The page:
Jesse Mulligan, 1–4pm for Thursday 6 April 2017
Jesse presents today's show from our Napier studio
1:10 First song
Wayne Gillespie is an Aucklander who has been living in Australia for 20 years. Currently he's taking a sabbatical from his regular gig in Sydney and is playing in and around Auckland, including a sold out show at the Mt Eden Village Centre tomorrow night.
1:15 Edgecumbe Evacuation
Police have been evacuating the eastern Bay of Plenty town of Edgecumbe where a river has breached its banks. A state of emergency has been declared while the police and volunteers are going door-to-door to get people out. The rain has caused power cuts, road closures, flooding and slips. Whakatane mayor, Tony Bonne, is in Edgecumbe.
1:25 Death Expands Us
In 2009 Stephanie Harris' brother suddenly and unexpectedly died. Brendon was only 33-years-old. The devastation she felt led her on a new path, to becoming a professional grief coach.
She's put pen to paper and written a book about her experience. It's called Death Expands Us.
1:35 First NZ degree in vegan cuisine
Hugo Hughes is the first graduate from AUT's culinary arts school to specialise in vegan cooking.
As a vegetarian himself and then a vegan, Hugo initially had to cook meat, fish and fowl during his Bachelor of Culinary Arts degree. He found that increasingly difficult to swallow, so he convinced his tutors to let him focus entirely on vegan cooking.
Now he's off to do an internship at Stanford University Catering.
1:45 Favourite Album
2:10 Theatre Critic
Actor, director, writer and dramaturge Alistair Browning reviews Kate McGill's "WEAVE" - Yarns with New Zealanders" in which Kate plays the characters of 20 people she interviewed before writing the piece. McGill's one person show is on now at Basement Theatre, Auckland - until April 15th.
2:20 Economics with Shamubeel Eaqub
Shamubeel Eaqub tackles the thorny issue of housing affordability
2:30 The history of cross-party support in NZ
There has been a lot of talk recently about cross-party cooperation in NZ politics. However, the reality is that this approach, in relation to major parties working together, is the exception rather than the norm in our history.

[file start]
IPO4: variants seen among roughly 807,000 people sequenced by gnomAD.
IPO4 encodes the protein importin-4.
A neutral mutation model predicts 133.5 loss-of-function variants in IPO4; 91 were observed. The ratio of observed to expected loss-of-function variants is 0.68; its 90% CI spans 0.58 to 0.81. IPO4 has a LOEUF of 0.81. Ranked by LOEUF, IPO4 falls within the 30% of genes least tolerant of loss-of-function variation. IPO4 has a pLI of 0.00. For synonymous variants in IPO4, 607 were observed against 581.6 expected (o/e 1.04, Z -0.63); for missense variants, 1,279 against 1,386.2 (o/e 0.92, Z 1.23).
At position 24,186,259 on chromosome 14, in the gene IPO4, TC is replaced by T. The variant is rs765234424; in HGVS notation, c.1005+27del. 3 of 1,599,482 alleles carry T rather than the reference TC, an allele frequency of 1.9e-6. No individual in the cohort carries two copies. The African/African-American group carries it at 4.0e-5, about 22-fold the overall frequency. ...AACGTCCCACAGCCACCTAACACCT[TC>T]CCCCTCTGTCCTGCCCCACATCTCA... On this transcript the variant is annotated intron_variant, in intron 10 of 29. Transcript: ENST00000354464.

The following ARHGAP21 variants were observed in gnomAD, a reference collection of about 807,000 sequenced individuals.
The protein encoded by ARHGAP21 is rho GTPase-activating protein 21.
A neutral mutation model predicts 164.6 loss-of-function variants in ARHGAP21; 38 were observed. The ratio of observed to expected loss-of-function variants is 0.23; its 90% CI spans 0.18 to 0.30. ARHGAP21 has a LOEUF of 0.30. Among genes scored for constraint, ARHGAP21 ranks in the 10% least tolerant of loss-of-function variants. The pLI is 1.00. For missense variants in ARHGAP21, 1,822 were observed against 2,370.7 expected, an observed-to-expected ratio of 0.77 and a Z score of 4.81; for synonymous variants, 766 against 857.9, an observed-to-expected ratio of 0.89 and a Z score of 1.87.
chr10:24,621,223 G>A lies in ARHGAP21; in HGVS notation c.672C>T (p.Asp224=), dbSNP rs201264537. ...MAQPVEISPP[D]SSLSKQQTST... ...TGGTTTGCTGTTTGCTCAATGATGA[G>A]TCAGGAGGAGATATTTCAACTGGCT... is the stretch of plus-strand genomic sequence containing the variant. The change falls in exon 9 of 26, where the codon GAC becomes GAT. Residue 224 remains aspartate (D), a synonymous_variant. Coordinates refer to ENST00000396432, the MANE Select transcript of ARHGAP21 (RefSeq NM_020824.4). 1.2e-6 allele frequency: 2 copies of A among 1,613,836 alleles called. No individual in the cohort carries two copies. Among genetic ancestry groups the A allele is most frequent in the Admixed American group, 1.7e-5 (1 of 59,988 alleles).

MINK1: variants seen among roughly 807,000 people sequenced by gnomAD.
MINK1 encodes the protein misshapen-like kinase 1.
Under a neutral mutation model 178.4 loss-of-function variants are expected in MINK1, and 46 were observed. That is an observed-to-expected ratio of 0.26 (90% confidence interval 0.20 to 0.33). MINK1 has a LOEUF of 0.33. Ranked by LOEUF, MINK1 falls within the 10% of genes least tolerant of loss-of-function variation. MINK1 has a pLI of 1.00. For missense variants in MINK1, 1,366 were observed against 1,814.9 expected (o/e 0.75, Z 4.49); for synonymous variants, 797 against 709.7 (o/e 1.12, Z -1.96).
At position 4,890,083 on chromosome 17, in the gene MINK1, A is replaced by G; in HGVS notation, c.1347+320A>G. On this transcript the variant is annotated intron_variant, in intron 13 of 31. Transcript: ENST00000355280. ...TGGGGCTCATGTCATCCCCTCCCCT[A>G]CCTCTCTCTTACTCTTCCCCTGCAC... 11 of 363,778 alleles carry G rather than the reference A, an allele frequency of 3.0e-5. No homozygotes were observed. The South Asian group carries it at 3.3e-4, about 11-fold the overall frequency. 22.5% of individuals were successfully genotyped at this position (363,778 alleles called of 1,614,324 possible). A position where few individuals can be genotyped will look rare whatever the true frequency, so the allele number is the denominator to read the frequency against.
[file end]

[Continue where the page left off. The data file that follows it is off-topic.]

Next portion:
Historian, Grant Morris of Victoria University looks back at some examples of cross-party cooperation in our history and questions why it doesn't happen more often.
3:10 Masterpieces with Michael Fowler
Napier's Art Deco heritage officer Michael Fowler tells us about his favourite art deco buildings
3:25 The Expats: Teaching kids coding in Madagascar
Sam Lucas has been living in Madagascar for the past year, where he has set up a foundation, Onja, to teach kids computer coding, to help them get their families out of poverty.
Sam is trying to raise money for his project through the site generosity
3:30 This Way Up
The Alinker is a radically different kind of mobility device. It's a walking tricycle without pedals- two bigger wheels at the front and a smaller one at the back- and a user sits upright and scoots along using their feet.
This Way Up's Simon Morton meets Christine O'Sullivan, who was diagnosed with multiple sclerosis a decade ago and recently brought her own Alinker into New Zealand.
3:45 The Pre-Panel Story of the Day and One Quick Question
4:05 The Panel with Ellen Read and Garry Moore
Short Story Club
Our short story club is officially launched! and the first story is The Poet's Wife by Bill Manhire. (click on the book title to read the story). We will be discussing it next Thursday the 13th of April after the 3pm news.
Email us your thoughts once you've read it! email@example.com (Put Short Story Club in the subject line)